Anti-cancer compounds in apricot seeds
Apricot seeds contain a toxic chemical known as amygdalin, which is also referred to as laetrile. Some companies call this compound vitamin B17 in order to label and market the product as an essential substance. In the body, this chemical becomes cyanide, which is poisonous and can cause serious damage.
There has been interest in using the apricot kernels, which are inside the seeds, to fight cancer because of this toxic chemical that fights cancer cells before it is converted to cyanide and spread throughout the body. Some researchers believe that cyanide would only harm the cancerous tumor, but scientific studies suggest that this is not always true.
What is Laetrile?
The name laetrile is used to describe a purified form of the chemical amygdala, a vegetable compound that contains sugar and produces cyanide. This compound is found in the wells of many fruits (such as apricot seeds), raw nuts, and in other plants, such as lima beans, clover and sorghum.
Laetrile has been used in the United States for the treatment of cancer since the 1970s; after treatment was banned in the 1950s because it was considered too toxic, states argued that it was not fair that the United States government could block access to promising new cancer therapies. After court cases in Oklahoma, Massachusetts, New Jersey, and California challenged the FDA's role in determining which drugs should be available to cancer patients, laetrile was legalized in more than 20 states.
In 1980, the United States Supreme Court acted to uphold a federal ban on inter-state transport of laetrile, and as a result, the use of laetrile has declined significantly. Today, the compound is manufactured primarily and is administered in Mexico and some clinics in the USA. Although patients are turning to this alternative treatment, the positive and negative effects of laetrile are still under debate.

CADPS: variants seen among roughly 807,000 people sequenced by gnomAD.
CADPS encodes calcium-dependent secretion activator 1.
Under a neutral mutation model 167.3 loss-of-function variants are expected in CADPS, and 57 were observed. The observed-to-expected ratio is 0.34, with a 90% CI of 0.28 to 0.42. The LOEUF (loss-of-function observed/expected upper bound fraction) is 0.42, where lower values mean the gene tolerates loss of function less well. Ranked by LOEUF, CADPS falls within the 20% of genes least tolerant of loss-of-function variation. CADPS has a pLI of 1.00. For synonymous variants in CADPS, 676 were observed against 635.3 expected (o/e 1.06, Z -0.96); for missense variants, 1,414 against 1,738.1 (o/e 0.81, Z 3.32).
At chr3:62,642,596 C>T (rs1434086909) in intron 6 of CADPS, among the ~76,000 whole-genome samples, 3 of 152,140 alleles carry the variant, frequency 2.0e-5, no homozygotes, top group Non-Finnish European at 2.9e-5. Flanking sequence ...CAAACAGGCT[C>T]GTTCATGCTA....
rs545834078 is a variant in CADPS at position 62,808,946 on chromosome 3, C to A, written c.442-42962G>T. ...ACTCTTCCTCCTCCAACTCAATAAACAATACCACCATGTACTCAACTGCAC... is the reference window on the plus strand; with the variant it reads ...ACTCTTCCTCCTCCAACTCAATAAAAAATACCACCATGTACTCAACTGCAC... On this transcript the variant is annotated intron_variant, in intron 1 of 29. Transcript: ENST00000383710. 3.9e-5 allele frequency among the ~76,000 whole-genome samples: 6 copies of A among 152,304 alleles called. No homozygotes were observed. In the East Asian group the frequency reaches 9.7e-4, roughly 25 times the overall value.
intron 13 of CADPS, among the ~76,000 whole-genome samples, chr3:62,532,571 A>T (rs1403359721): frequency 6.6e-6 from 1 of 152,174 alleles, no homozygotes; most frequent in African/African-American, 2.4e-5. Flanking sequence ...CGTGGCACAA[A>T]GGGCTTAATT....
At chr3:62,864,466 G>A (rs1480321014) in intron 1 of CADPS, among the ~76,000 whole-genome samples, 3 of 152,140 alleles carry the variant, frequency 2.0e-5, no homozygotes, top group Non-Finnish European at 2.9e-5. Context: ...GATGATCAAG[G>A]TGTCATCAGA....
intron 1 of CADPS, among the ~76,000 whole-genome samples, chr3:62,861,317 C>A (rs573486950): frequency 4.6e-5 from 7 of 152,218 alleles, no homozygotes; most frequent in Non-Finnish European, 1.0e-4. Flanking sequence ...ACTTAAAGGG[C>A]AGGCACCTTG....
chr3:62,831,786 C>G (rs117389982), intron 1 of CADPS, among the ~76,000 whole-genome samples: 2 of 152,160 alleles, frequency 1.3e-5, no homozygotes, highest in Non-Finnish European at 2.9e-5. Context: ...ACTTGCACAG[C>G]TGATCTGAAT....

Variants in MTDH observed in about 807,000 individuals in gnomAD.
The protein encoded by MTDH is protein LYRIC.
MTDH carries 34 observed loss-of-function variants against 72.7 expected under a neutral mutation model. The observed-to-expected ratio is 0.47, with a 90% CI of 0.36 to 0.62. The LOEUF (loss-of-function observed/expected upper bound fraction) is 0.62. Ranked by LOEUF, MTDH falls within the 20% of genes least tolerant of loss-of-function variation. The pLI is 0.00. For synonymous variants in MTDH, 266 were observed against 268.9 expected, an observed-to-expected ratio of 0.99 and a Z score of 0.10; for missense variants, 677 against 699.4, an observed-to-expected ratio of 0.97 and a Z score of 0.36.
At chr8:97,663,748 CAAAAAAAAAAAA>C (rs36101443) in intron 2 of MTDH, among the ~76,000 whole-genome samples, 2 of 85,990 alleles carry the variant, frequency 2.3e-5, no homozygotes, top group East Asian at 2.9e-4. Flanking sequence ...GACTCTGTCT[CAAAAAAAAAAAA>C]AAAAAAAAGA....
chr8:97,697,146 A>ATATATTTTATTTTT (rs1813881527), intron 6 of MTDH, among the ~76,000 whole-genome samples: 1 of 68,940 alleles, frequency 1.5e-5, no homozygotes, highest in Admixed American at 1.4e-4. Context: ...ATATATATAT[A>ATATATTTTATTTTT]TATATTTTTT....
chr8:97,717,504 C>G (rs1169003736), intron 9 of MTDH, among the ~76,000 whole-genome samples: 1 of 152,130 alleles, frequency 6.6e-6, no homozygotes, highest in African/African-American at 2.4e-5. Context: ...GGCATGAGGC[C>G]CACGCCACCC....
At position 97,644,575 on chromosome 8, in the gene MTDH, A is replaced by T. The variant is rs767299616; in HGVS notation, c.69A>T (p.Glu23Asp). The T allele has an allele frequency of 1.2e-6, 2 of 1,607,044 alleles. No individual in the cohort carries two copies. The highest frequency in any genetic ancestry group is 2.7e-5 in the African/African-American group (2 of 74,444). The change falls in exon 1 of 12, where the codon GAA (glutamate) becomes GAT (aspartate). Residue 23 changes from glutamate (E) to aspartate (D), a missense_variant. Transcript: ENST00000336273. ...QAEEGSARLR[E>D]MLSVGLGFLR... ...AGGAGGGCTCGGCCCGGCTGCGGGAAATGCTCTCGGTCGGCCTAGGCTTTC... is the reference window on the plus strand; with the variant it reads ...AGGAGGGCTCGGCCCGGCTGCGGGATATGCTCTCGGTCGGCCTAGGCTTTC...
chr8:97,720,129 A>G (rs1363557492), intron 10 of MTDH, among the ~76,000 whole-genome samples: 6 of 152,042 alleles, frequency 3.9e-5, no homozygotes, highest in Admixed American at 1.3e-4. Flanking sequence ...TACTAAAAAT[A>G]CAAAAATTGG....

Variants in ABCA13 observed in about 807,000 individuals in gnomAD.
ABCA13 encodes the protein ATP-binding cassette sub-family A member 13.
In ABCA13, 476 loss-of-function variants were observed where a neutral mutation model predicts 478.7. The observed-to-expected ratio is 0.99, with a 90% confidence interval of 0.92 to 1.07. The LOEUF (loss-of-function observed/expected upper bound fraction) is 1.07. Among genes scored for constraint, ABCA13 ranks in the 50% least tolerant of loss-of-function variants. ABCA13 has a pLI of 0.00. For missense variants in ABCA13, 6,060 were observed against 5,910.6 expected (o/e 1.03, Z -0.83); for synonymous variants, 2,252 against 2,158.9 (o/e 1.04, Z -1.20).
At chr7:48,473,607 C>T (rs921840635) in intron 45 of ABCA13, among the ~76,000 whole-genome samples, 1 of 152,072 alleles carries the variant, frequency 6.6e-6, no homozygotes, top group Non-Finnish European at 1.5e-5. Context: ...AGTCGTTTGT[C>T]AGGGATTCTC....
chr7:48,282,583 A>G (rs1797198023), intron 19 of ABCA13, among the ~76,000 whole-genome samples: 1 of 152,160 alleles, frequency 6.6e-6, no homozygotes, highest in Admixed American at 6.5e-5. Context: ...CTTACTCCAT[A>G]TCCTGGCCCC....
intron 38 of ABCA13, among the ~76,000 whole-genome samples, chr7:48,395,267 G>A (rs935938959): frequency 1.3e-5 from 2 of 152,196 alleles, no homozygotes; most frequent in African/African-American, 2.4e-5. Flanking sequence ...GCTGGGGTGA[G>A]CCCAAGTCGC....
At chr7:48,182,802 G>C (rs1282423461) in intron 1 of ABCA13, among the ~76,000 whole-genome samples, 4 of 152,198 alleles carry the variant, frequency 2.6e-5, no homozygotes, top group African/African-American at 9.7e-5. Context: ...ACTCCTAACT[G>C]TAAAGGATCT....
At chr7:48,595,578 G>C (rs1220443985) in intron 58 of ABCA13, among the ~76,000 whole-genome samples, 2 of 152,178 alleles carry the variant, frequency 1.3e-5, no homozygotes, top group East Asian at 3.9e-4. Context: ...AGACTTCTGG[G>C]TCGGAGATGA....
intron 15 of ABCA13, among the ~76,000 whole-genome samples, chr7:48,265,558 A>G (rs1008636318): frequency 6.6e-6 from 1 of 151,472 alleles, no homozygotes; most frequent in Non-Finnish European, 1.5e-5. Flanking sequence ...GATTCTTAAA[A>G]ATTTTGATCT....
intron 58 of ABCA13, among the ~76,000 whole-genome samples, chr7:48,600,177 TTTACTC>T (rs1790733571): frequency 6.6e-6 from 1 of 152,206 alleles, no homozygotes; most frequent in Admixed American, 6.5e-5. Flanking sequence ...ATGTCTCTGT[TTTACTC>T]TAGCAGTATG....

Laetrile, which is a proposed non-toxic intravenous form of amygdalin, was first used as a cancer treatment in Russia in 1845 and then in the United States in the 1920s. At that time, the tonsillar was taken in pill form, but this was considered too toxic and research on this treatment was abandoned. In the 1950s, laetrile was patented and tested for its ability to kill cancer cells in animal cells, whole animals, transplanted tumor cells and humans. After decades of research, especially in animals and cells, it was proposed that cancer cells are more susceptible to the toxic effects of laetrile than normal cells.
Another theory suggests that cyanide released by laetrile has a toxic effect beyond its interference with the use of oxygen by cells, so that cyanide increases the acid content of tumors and leads to the destruction of lysosomes, which are compartments within the cells containing enzymes. These destroyed lysosomes then release their contents and kill the cancer cells, which stops tumor growth.
According to the National Cancer Institute, laetrile can be administered orally as a pill, or it can be given by injection (intravenous or intramuscular). It is usually given intravenously over a period of time followed by pills, which is known as oral maintenance therapy. The biggest concern with laetrile treatment is cyanide levels that grow in the body. Research shows that the incidence of cyanide poisoning is much higher when laetrile is taken orally because intestinal bacteria and some commonly eaten plants contain enzymes that activate the release of cyanide. On the other hand, when taking oral laetrile, the levels of cyanide released are very low.
Possible side effects and interactions
In excess, apricot seeds can produce symptoms of cyanide poisoning, including nausea, fever, rash, headaches, insomnia, thirst, weakness, lethargy, mental confusion, nervousness, various joint and muscle aches and pains drop of blood pressure. In severe cases, cyanide poisoning causes nerve damage, coma, or even death.
Studies suggest that when using laetrile as a form of treatment against cancer or pain, oral laetrile causes more serious side effects than injected laetrile. These side effects can be increased by frequent consumption of apricot seeds and other crops of crushed fruits, raw almonds and fruits or vegetables containing beta-glucosidase (such as celery, peaches, soybeans and carrots). Taking high doses of vitamin C orally along with the use of laetril may also increase your chances of getting cyanide poisoning.
Apricot kernels, apricot kernels, apricot kernels, apricot kernels, apricot kernels, apricot kernels, apricot kernels, apricot kernels, apricot kernels, apricot kernels, apricot kernels, apricot kernels, apricot kernels, apricot kernels apricot seeds, how to eat apricot seeds, vitamin b17 cancer cure, cancer cures, cure cancer with vitamin b17, cancer treatment, it's illegal vitamin b17, laetrile b17, laetril, vitamin b17, b17 cancer, apricot kernel
Video credits to Healthy Eating Tips YouTube channel